Fed’s Williams Sees ‘Neutral’ Interest Rate Lower, Longer
$DIA, $SPY, $QQQ, $VXX
- Stocks dip following a the strong start to the month
- Treasury’s benchmark 10-yr yield above 3.00%
Tuesday, Mr. Williams, who will take the helm of the New York Fed on 18 June, said that inflation is nearing the central bank’s 2% target after a temporary slowdown last year and noted that unemployment is at its lowest since Y 2000, shoring up his confidence in the outlook.Federal Reserve Bank of San Francisco President John Williams said he’s “very positive” about the economic outlook both in the U.S. and abroad and reiterated that he views 3-4 interest-rate increases this year as appropriate.
Investors expect the Fed to raise borrowing costs for a second time this year when they meet in June and see the likelihood of three or four moves for the year as a whole as roughly balanced.
Still, Mr. Williams cautioned that he still sees the so-called neutral rate remaining lower in the longer run, limiting how high the Fed will be able to raise interest rates over the course of its tightening cycle before restraining growth.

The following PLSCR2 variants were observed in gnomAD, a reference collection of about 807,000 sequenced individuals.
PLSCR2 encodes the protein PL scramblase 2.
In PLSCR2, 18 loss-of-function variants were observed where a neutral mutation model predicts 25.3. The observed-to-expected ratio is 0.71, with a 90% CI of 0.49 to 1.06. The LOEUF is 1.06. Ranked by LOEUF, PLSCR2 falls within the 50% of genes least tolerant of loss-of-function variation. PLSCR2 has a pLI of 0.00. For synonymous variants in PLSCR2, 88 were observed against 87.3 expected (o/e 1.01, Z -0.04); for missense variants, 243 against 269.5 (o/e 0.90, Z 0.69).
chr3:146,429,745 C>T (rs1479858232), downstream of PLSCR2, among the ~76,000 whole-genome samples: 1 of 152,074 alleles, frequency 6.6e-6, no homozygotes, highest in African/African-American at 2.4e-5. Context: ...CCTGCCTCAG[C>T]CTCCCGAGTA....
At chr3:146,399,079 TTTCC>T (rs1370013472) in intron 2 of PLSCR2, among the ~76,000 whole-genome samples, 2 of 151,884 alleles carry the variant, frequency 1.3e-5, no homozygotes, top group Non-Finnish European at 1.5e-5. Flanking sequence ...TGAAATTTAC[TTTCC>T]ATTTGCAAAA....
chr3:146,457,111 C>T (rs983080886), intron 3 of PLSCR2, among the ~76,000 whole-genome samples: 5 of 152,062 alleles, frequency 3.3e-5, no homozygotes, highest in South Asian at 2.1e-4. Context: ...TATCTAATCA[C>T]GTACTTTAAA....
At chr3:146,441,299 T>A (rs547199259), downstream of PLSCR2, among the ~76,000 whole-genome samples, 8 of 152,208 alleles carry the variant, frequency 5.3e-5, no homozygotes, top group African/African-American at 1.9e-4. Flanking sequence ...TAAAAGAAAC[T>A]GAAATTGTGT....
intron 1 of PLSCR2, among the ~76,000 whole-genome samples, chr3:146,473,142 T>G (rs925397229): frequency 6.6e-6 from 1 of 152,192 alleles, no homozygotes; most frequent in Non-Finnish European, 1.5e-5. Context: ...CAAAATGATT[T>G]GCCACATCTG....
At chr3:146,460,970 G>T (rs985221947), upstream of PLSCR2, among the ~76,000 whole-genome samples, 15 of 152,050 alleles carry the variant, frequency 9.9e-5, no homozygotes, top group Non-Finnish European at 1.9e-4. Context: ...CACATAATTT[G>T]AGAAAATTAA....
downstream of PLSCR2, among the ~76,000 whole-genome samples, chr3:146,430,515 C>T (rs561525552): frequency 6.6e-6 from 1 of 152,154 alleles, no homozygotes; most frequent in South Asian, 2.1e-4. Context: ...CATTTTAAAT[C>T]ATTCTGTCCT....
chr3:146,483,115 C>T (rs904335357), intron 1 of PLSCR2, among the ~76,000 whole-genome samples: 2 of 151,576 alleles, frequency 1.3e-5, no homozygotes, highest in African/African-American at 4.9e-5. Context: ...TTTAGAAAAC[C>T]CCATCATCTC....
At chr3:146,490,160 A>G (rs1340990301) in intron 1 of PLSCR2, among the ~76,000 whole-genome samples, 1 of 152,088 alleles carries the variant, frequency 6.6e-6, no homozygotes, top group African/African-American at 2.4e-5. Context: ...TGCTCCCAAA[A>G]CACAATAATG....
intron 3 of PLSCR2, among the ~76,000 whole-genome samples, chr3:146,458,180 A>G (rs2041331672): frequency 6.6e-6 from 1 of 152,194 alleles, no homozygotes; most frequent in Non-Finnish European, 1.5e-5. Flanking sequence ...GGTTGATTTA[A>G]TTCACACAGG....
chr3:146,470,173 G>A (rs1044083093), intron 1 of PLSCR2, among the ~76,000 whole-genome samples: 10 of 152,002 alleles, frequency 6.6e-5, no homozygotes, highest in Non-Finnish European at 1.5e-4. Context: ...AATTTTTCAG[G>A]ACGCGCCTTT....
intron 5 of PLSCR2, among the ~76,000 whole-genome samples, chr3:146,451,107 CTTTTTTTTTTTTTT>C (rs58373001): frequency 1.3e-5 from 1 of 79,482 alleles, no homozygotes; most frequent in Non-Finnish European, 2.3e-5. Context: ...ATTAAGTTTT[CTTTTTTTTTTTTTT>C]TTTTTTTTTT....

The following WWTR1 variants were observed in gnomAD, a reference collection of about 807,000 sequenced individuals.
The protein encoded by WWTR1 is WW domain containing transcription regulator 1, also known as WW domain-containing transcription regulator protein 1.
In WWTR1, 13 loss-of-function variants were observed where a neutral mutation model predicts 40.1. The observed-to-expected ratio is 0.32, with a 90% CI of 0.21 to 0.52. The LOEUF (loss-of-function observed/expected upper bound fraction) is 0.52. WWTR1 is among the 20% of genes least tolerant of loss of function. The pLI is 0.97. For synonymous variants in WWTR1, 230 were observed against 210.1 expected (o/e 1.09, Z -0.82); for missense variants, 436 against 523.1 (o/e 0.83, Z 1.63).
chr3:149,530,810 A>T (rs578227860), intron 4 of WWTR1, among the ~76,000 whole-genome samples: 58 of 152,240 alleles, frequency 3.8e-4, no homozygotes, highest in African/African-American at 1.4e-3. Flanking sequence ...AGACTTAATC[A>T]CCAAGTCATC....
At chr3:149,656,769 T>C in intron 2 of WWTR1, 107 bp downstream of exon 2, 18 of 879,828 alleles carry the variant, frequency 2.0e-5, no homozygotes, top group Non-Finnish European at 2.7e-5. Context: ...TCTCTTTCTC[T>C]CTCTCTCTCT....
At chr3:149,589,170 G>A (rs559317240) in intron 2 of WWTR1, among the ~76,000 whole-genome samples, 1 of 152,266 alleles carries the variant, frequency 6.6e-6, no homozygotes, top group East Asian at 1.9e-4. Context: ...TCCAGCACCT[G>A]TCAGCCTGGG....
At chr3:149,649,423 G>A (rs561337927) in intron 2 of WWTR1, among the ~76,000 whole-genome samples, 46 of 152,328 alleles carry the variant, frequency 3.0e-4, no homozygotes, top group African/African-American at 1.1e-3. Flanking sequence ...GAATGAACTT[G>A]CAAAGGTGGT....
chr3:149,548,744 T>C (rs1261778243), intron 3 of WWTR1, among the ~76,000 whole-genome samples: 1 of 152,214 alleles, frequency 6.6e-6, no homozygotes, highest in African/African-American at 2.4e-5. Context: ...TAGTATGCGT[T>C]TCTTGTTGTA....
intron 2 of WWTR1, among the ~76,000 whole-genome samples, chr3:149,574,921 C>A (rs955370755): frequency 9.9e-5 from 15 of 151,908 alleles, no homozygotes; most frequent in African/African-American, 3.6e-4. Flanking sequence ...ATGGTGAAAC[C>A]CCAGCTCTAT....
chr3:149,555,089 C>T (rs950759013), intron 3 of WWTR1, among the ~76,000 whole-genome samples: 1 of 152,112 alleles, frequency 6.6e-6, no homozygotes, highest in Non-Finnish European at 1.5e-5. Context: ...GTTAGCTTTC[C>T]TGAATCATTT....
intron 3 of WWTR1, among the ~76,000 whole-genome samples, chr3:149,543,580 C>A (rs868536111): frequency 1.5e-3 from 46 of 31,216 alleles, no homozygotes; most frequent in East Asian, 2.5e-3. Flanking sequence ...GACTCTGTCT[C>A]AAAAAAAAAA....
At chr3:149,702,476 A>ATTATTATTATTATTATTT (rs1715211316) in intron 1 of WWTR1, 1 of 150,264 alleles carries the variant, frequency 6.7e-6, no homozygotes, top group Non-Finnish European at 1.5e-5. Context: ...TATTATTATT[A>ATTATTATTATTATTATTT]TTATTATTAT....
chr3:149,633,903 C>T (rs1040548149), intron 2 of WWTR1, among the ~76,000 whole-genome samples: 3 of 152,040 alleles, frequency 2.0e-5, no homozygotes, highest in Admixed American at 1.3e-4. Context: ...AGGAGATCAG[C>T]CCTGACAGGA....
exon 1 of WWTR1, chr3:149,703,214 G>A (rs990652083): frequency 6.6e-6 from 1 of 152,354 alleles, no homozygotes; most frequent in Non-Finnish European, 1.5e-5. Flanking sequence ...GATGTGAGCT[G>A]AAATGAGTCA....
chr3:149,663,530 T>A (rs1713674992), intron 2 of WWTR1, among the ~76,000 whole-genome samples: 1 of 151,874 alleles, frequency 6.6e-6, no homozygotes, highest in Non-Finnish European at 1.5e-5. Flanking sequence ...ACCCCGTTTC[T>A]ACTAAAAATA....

Mr. Williams is among the foremost researchers focused on the longer-run outlook for rates.
“With a new normal for short-term rates of around 2.5%, interest rates are likely to remain low relative to historical experience,” he said in the text of remarks to the Economic Club of Minnesota in Minneapolis.
Mr. Williams sees the neutral rate, meaning the real rate expected to prevail when the economy is at full strength, around 0.5% today, or around 2.5% when accounting for inflation around the Fed’s 2% goal.
That is low by historical standards: a “normal interest rate” was roughly 2 percentage points higher 20 years ago.
Tuesday, the major US stock market indexes finished at: DJIA -193.00 at 24706.41, NAS Comp -59.69 at 7351.63, S&P 500 -18.68 at 2711.45
Volume: Trade on the NYSE came in at 801-M/shares exchanged
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